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University Students in Iran Protest Hijab Enforcement, Boycott Classes


Many students at Amir Amirkabir University of Technology in Tehran embarked on a strike on Sunday, after morality police banned over 200 students from entering the campus.

The protest was announced through the university students’ independent newsletter on Telegram. It serves as a stand against suppression and in solidarity with peers denied entry to the university for non-compliance with mandatory hijab regulations.

A few months after nationwide protests in 2022-2023, the Iranian government led by religious hardliners resumed harsh enforcement of mandatory hijab. The protests were triggered by the death of a young woman, Mahsa Amini, in morality police custody after she was arrested for “improper hijab.”

Issued by student groups, the strike call underscores the imperative of safeguarding students’ fundamental rights. It underscores the university’s failure to acknowledge these rights, particularly regarding hijab policies, with students contending that the institution’s identity hinges on the presence and liberty of its student body.

Reports from Iran International on Saturday documented incidents where security personnel at Amir Kabir University obstructed both male and female students from entering based on their attire. Female students were reportedly compelled to wear chadors (long black veils), while male students faced restrictions on donning T-shirts, short-sleeved garments, or sports attire.

Images circulating on social media depicted students gathered outside Rasht Gate, the university’s northern entrance. The students’ newsletter referenced the images, reporting that at least 20 students were barred from entry due to insufficient hijab compliance at Rasht Gate, with similar incidents reported at other entrances.

In their announcement, students held the University’s executive board and Hafez Shahbazi, head of Amir Kabir University’s security, directly accountable for the crackdown referring to him as a “mercenary”. Students from diverse faculties, including computer engineering, energy engineering, and industrial engineering, rallied behind the call to boycott classes, with reports indicating low attendance on Sunday.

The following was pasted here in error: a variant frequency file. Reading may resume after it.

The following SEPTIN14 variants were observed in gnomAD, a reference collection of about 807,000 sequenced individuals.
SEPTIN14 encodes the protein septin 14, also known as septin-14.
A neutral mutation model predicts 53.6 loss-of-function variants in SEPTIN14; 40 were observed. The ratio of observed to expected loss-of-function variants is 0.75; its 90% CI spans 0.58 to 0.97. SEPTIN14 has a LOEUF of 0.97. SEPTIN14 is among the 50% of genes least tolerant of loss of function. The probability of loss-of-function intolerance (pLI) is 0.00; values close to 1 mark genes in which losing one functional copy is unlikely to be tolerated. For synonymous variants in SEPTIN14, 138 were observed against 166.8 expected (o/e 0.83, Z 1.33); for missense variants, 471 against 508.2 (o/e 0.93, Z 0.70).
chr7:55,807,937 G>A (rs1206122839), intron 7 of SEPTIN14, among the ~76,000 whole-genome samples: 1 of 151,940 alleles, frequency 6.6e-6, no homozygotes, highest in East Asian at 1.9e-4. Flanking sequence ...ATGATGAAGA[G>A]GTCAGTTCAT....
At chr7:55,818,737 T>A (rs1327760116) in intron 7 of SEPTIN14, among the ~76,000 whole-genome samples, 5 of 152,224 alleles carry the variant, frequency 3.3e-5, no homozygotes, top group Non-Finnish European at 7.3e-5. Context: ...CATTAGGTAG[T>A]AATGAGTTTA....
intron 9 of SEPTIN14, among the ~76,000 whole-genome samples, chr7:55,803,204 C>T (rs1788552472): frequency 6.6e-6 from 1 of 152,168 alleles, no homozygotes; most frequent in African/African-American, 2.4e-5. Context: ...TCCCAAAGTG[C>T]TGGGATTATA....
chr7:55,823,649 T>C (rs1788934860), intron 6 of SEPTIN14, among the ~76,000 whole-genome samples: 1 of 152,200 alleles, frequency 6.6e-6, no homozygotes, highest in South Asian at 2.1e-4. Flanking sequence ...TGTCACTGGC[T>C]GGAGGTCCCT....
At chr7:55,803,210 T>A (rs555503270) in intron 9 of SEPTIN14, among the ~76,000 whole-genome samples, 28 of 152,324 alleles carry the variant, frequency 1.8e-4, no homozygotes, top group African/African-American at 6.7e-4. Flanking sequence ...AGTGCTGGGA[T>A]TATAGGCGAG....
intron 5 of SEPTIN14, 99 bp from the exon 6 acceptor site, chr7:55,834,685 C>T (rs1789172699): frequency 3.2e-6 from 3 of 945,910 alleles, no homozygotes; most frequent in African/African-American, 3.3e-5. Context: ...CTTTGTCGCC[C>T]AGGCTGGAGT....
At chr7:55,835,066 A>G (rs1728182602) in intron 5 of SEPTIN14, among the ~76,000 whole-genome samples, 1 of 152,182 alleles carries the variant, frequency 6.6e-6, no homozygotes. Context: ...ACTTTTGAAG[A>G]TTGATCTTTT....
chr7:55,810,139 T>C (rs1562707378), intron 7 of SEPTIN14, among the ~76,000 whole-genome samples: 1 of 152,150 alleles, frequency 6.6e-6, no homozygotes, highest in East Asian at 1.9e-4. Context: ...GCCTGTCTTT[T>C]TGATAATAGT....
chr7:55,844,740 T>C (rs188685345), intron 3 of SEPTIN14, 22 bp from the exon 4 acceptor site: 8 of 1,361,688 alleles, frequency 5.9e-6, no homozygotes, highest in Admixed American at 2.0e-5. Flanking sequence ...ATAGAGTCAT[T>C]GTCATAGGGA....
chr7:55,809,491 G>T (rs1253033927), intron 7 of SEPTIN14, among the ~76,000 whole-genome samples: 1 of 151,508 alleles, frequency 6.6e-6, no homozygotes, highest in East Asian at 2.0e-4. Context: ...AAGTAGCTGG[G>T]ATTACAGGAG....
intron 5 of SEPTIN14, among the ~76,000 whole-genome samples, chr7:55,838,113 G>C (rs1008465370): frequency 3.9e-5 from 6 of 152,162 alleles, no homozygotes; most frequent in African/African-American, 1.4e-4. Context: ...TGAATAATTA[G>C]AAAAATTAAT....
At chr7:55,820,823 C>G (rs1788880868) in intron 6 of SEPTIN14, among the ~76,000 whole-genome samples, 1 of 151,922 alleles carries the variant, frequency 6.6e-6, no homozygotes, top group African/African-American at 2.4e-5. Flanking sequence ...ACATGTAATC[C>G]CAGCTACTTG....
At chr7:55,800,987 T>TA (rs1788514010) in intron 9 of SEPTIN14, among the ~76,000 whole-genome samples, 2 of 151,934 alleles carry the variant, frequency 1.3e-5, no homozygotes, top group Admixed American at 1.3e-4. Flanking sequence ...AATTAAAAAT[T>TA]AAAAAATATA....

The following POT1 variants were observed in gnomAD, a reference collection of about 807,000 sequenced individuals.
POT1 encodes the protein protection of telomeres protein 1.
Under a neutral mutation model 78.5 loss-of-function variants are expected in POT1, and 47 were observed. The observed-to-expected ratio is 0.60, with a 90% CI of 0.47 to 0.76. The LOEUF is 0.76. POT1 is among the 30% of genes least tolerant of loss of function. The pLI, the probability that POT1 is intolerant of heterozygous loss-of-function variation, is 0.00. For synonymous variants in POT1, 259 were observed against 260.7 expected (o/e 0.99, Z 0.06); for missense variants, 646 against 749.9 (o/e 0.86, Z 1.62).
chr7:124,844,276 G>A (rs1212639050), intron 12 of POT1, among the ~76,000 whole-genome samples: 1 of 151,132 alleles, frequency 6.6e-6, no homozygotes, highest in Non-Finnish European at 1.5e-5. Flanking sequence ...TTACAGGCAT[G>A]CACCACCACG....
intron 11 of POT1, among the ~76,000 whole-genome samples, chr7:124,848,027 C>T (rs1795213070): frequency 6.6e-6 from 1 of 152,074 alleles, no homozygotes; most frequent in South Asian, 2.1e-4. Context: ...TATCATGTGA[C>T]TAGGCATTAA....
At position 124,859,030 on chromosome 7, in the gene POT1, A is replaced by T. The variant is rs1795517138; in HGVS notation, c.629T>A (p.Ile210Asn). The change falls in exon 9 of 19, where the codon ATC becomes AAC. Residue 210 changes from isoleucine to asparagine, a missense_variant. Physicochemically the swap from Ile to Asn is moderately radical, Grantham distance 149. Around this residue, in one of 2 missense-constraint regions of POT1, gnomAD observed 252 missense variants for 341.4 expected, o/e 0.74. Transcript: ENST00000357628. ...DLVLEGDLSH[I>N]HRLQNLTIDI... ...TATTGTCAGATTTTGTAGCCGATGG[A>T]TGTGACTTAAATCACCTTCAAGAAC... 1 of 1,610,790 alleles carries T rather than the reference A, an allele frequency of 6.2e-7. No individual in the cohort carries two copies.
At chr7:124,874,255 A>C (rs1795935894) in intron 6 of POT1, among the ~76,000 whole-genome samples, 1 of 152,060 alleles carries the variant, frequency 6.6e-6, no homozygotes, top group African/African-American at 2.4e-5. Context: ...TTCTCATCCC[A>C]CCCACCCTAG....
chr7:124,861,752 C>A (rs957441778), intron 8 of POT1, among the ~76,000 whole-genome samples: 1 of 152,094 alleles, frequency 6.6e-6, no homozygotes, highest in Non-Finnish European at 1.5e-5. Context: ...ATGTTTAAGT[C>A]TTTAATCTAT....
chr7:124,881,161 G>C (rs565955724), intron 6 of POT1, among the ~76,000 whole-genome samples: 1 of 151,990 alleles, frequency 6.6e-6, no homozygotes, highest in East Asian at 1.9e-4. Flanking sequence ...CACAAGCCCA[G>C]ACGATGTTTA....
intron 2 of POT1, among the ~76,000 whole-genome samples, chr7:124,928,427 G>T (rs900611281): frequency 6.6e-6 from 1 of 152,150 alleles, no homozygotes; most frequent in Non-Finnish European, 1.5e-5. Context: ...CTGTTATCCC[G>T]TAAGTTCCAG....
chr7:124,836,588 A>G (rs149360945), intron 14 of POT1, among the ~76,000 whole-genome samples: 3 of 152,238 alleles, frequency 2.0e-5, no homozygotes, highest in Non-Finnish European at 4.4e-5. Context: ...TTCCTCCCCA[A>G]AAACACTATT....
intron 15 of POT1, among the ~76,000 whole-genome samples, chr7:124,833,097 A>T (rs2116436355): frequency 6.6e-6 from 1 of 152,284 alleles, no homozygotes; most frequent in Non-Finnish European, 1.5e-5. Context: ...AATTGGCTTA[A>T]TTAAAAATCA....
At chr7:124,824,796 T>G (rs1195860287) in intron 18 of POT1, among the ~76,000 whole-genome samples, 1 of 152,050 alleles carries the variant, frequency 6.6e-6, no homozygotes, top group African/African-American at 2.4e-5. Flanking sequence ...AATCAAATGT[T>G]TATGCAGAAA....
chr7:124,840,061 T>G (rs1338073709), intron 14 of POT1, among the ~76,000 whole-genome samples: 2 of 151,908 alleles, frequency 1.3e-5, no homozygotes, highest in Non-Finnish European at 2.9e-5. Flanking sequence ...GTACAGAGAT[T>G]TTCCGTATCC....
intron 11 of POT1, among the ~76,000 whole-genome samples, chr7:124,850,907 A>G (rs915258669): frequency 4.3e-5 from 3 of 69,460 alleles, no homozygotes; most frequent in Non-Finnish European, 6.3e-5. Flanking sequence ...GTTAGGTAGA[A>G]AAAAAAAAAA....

This protest forms part of a broader movement against mandatory hijab enforcement in Iran. Since the introduction of Project Noor to enforce mandatory hijab laws on Saturday, 13 April, there has been a conspicuous escalation in the presence of police forces, Basij, and plainclothes officers tasked with enforcing hijab regulations.

Furthermore, in a bid to enforce hijab regulations, certain universities such as Alzahra University in Tehran have equipped gates with facial recognition technology, with entry denied if their appearance fails to adhere to intensified hijab laws.

Additionally, similar crackdowns on students have been reported in recent days at the University of Kurdistan, the largest university in Kurdistan province in Iran, located in Sanandaj. According to the human rights organization Hengaw, security officers at this university have warned of disciplinary action against students with student cards being confiscations as a result of having an “improper” hijab.

Despite authorities’ efforts to quell civil disobedience, and security pressure on students many women persist in challenging the mandate, often enduring violence and intimidation. The students’ strike at Amir Kabir University represents a growing discontent with the restrictive policies imposed by the Iranian government.